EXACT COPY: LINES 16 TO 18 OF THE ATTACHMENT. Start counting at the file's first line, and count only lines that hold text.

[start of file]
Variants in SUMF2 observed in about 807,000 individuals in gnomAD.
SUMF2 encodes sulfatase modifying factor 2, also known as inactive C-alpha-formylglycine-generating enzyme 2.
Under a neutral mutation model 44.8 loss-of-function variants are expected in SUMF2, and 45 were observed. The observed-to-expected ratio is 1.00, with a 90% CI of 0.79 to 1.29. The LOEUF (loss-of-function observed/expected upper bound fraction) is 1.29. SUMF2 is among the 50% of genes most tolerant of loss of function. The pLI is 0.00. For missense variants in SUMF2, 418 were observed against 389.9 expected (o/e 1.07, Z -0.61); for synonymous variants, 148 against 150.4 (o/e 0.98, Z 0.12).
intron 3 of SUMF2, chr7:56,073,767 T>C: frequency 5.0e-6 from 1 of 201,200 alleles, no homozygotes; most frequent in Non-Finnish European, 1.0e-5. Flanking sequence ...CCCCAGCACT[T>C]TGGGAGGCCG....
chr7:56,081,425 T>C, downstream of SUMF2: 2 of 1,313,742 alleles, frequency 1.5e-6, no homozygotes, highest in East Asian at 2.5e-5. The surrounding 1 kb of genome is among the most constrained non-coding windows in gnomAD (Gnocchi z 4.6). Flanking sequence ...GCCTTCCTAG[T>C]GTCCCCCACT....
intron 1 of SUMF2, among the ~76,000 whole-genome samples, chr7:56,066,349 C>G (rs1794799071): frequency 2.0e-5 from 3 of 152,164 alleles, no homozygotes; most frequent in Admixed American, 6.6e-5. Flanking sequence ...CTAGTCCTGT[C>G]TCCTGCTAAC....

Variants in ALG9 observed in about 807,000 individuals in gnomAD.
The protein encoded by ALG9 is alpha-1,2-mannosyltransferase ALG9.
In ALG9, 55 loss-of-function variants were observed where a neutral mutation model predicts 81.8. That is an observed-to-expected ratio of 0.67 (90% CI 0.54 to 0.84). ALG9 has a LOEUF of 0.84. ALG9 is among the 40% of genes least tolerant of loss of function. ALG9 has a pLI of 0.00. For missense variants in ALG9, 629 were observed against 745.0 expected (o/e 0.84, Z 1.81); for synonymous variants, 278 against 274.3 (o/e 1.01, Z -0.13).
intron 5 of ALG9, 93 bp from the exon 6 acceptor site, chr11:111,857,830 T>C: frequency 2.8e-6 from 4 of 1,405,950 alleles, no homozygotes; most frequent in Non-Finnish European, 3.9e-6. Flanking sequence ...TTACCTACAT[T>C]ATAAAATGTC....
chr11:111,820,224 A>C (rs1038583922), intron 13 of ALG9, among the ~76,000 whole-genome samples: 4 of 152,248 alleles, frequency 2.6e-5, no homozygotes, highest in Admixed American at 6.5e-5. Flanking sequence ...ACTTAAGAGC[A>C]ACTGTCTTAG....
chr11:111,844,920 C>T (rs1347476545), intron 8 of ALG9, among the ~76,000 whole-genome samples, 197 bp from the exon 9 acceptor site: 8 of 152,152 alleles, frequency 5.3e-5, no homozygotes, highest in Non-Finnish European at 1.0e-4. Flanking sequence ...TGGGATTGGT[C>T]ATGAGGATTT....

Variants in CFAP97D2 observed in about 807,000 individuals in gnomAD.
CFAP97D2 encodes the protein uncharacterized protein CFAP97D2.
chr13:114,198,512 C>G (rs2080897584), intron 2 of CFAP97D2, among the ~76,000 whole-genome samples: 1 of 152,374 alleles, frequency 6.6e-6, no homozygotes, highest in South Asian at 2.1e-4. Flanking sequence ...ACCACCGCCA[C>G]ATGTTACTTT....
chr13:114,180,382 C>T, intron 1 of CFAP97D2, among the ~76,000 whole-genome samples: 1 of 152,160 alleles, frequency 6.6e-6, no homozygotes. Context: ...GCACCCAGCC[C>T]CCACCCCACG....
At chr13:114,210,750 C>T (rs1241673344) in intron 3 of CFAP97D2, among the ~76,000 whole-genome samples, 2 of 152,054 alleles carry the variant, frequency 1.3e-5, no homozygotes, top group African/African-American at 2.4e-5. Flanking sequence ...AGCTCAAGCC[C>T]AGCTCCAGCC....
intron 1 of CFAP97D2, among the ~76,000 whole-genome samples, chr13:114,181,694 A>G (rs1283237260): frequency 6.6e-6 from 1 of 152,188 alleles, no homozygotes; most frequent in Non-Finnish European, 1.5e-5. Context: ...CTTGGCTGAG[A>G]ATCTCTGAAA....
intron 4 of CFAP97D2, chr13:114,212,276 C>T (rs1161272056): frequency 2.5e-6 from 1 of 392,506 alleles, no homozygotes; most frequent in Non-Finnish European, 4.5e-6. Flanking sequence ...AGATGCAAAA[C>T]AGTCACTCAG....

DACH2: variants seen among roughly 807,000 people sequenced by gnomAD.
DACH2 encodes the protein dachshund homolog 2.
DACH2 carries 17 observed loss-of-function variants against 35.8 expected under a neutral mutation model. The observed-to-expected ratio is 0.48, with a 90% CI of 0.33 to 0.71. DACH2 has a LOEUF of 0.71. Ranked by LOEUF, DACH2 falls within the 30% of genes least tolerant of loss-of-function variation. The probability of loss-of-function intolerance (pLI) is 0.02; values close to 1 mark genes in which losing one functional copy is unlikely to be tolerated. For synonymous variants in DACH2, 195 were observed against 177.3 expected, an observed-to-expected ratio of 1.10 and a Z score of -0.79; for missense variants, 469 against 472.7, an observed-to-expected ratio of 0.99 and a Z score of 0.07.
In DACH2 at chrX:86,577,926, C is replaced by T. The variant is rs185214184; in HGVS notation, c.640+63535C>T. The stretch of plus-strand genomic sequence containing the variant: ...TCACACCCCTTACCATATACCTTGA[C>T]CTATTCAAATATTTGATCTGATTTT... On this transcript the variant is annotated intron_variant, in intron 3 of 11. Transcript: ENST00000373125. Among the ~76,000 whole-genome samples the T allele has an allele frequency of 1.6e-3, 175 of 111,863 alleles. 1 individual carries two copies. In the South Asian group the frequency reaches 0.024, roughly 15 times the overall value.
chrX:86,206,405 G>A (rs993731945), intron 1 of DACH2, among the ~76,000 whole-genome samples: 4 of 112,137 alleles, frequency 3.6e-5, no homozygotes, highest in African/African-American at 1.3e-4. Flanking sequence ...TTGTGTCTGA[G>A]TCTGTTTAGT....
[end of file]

chr13:114,180,382 C>T, intron 1 of CFAP97D2, among the ~76,000 whole-genome samples: 1 of 152,160 alleles, frequency 6.6e-6, no homozygotes. Context: ...GCACCCAGCC[C>T]CCACCCCACG....
At chr13:114,210,750 C>T (rs1241673344) in intron 3 of CFAP97D2, among the ~76,000 whole-genome samples, 2 of 152,054 alleles carry the variant, frequency 1.3e-5, no homozygotes, top group African/African-American at 2.4e-5. Flanking sequence ...AGCTCAAGCC[C>T]AGCTCCAGCC....
intron 1 of CFAP97D2, among the ~76,000 whole-genome samples, chr13:114,181,694 A>G (rs1283237260): frequency 6.6e-6 from 1 of 152,188 alleles, no homozygotes; most frequent in Non-Finnish European, 1.5e-5. Context: ...CTTGGCTGAG[A>G]ATCTCTGAAA....